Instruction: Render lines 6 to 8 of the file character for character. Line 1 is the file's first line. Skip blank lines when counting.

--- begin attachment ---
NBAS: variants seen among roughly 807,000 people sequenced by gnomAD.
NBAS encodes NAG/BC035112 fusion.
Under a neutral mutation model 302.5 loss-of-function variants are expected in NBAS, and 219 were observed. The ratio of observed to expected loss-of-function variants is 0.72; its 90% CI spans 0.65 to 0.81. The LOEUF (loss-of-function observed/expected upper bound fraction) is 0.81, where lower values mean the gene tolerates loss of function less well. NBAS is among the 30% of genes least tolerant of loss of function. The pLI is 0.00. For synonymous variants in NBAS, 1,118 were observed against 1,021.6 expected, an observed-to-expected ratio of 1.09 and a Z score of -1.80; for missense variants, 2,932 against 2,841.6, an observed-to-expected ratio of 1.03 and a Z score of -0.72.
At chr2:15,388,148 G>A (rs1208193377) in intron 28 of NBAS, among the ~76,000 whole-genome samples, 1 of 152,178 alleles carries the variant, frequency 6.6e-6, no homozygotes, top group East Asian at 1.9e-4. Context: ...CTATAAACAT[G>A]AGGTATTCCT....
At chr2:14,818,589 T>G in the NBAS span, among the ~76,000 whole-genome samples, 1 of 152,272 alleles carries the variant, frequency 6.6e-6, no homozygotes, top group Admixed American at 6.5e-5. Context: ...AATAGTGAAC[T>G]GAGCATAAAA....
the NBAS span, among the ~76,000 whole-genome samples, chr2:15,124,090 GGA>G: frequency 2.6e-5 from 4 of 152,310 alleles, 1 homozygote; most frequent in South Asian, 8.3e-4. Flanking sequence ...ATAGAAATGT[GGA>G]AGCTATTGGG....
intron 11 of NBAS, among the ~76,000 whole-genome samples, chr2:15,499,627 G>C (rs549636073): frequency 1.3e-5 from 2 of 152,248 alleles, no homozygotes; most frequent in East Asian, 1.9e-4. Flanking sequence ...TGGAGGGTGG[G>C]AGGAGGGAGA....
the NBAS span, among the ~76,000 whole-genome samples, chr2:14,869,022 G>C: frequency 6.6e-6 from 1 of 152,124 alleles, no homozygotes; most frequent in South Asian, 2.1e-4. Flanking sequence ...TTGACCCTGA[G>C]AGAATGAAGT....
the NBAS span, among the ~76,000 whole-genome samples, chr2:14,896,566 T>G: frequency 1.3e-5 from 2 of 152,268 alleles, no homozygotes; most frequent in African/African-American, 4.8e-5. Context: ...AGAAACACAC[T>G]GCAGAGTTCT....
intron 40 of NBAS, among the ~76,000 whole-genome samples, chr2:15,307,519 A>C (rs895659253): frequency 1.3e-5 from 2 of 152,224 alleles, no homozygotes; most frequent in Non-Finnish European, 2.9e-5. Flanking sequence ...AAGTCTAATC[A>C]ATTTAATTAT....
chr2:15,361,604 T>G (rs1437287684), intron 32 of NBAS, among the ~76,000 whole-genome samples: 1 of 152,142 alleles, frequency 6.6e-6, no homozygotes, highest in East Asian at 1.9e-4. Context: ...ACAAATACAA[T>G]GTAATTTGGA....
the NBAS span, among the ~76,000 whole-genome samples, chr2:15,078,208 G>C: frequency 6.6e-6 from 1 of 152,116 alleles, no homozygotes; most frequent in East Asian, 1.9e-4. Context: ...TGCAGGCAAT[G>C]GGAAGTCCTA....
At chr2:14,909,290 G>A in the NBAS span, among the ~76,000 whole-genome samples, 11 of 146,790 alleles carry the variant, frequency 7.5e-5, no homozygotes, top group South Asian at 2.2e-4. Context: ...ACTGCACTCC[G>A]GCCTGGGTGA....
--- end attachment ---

the NBAS span, among the ~76,000 whole-genome samples, chr2:15,124,090 GGA>G: frequency 2.6e-5 from 4 of 152,310 alleles, 1 homozygote; most frequent in South Asian, 8.3e-4. Flanking sequence ...ATAGAAATGT[GGA>G]AGCTATTGGG....
intron 11 of NBAS, among the ~76,000 whole-genome samples, chr2:15,499,627 G>C (rs549636073): frequency 1.3e-5 from 2 of 152,248 alleles, no homozygotes; most frequent in East Asian, 1.9e-4. Flanking sequence ...TGGAGGGTGG[G>C]AGGAGGGAGA....
the NBAS span, among the ~76,000 whole-genome samples, chr2:14,869,022 G>C: frequency 6.6e-6 from 1 of 152,124 alleles, no homozygotes; most frequent in South Asian, 2.1e-4. Flanking sequence ...TTGACCCTGA[G>C]AGAATGAAGT....